mon 18/10/2021

1940s

Blithe Spirit, Harold Pinter Theatre review - an amusing, if dated, revival of the Coward classic

We’re in an agreeable drawing room with an author, Charles Condomine, who is looking forward to having a bit of fun with a local spiritualist, Madame Arcati, whom he has invited over for an evening séance. But once a conversation with his wife, Ruth...

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DVD/Blu-ray: Mr Klein

Joseph Losey’s career covered a great deal of ground, and several continents. From The Boy with the Green Hair, a noirish sci-fi film from 1948, through to his richly psychological collaborations with Harold Pinter, The Servant (1963), Accident (...

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The Champion of Auschwitz review - Polish movie based on a boxer's memoir

It’s a little hard to tell if this film was really intended for an international release, given that its heart is so set on making Polish movie-goers proud of their countrymen. The Champion of Auschwitz recounts the true story of Tadeusz "Teddy...

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Once Upon A Time In Nazi Occupied Tunisia, Almeida Theatre review - flawed theatre but a great experiment

An ageing Nazi, stuffed into a slightly too tight white linen suit, sits at the opposite end of the dining table to a young Jewish woman. Between them is a dish of chicken stew that we, just moments beforehand, have seen her lace with poison.The...

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Shadow Kingdom: The Early Songs of Bob Dylan review - noir settings for classic numbers

What is the Shadow Kingdom and how do you gain access to it? In Bob Dylan’s case, it may be found in the film noir classics of his birth – 1941’s The Maltese Falcon onward – and it’s those noir settings, artfully condensed and reduced to a signature...

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South Pacific, Chichester Festival Theatre review - gloriously revived and also refreshed

We’ve come to learn what socially distanced means but, 72 years ago, the distance that concerned Oscar Hammerstein II and Richard Rodgers was that between racial groups in the United States. With a catalogue of hits behind them, they turned to ...

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Tove review - tasteful portrait of the Moomins creator

Even for this reviewer, who was brought up on Tove Jansson’s quirky children’s books (and is the owner of some 50 different Moomin coffee cups), it’s a stretch to recommend dropping everything to go and see Tove in the cinema. There’s nothing wrong...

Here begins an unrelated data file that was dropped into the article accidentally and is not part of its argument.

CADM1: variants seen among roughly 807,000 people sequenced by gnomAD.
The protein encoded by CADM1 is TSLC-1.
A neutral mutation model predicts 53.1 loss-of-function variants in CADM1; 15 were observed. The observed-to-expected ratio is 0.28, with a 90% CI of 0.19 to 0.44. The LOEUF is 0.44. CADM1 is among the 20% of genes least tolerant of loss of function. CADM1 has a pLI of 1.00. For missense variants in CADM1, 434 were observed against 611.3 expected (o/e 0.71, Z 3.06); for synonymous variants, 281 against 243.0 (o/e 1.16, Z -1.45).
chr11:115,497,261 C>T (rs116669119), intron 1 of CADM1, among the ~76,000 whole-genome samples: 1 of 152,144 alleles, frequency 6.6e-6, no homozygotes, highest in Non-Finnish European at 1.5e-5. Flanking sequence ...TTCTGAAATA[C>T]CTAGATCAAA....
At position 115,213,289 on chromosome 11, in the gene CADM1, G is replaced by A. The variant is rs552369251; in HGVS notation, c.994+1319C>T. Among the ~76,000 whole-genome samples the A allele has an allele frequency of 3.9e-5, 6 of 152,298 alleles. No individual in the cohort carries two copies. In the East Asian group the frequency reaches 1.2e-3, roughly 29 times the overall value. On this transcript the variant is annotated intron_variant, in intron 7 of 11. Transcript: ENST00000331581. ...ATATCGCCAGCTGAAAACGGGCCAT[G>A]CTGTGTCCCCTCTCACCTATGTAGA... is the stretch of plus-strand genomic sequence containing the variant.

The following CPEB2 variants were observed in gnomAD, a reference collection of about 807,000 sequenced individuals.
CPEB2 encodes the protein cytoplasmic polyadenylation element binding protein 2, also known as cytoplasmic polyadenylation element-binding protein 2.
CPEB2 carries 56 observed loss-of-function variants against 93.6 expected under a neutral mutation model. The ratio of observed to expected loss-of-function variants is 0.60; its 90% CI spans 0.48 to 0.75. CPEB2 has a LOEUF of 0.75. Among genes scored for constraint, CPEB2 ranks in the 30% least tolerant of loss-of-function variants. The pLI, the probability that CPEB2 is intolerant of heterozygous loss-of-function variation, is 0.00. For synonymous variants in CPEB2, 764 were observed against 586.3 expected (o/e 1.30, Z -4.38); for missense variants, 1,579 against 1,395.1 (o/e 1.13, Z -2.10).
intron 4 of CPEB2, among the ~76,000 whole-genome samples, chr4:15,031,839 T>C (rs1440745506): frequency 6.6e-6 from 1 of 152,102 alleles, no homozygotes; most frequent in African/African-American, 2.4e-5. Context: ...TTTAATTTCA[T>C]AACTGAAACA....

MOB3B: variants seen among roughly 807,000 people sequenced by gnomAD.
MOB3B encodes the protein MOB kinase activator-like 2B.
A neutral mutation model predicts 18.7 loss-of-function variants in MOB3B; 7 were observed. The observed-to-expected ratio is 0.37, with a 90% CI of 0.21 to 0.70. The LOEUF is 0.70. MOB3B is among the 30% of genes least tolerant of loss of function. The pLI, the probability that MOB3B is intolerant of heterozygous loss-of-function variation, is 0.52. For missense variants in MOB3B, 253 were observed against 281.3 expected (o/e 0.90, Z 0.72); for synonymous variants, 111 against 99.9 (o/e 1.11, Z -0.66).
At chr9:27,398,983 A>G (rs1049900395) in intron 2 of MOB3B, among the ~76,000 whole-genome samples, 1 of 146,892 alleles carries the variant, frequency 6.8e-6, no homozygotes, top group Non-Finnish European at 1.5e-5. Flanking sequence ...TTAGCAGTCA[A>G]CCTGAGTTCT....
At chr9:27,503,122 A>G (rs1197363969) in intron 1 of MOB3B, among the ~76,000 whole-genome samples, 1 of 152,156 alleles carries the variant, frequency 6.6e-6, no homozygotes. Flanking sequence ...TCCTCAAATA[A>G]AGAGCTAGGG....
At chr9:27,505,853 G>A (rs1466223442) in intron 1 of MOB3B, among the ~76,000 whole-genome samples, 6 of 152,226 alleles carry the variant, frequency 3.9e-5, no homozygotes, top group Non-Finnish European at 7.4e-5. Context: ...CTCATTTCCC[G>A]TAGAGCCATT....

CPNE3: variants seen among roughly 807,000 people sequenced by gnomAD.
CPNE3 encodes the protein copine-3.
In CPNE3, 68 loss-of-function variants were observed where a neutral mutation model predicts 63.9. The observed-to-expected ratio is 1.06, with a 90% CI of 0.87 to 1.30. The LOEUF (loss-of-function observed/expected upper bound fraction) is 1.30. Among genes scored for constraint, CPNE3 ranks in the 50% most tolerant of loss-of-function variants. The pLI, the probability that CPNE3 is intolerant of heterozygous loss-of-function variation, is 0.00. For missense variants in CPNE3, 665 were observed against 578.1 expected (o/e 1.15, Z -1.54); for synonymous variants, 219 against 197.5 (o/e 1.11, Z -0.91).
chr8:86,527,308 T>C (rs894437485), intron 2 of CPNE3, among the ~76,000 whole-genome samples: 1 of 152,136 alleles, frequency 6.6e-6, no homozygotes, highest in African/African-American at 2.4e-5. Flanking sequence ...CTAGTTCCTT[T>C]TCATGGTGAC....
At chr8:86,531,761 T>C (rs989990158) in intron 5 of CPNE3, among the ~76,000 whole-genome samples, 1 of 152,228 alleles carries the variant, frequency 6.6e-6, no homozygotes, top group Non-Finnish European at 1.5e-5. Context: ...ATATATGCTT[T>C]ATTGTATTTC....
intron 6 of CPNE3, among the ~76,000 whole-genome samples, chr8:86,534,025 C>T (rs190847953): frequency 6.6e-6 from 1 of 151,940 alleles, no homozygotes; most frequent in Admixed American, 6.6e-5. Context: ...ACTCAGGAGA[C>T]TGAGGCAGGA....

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The Pursuit of Love, BBC One review - extravagantly entertaining

Nancy Mitford's 1945 literary sensation looks poised to be the TV talking point of the season, assuming the first episode of The Pursuit of Love sustains its utterly infectious energy through two hours still to come. Adapted and directed by the...

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Lewis, Hallé, Thórarinsdóttir online review - serenity and spice

For the newest performance of their part-postponed “Winter Season” on film, the Hallé return to their rehearsal and performance centre in Ancoats, and with the help of piano soloist-director Paul Lewis and guest leader-director Eva Thórarinsdóttir...

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Blu-ray: Marlene Dietrich at Universal 1940-1942

Her glory years as the muse of Josef von Sternberg long gone, Marlene Dietrich had been labelled “box-office poison” and was sulking on the French Riviera when the producer Joe Pasternak summoned her back to Hollywood to star opposite James Stewart...

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Into the Darkness review - disappointingly soapy Danish WWII drama

Can a film be both too long and too short? If so, Into the Darkness definitely fits the bill. Anders Refn’s long-nurtured family epic follows Karl Skov (Jesper Christensen, more famous as a Bond villain), a self-made Danish industrialist...

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Holy Sonnets/The Heart's Assurance/A Charm of Lullabies, English Touring Opera online review - darkest hours

“Death, be not proud, though some have called thee/ Mighty and dreadful, for thou art not so.” John Donne’s Holy Sonnets may summon all his art of wit and paradox to mock that might and dread; still, we sense the abject terror behind the formal...

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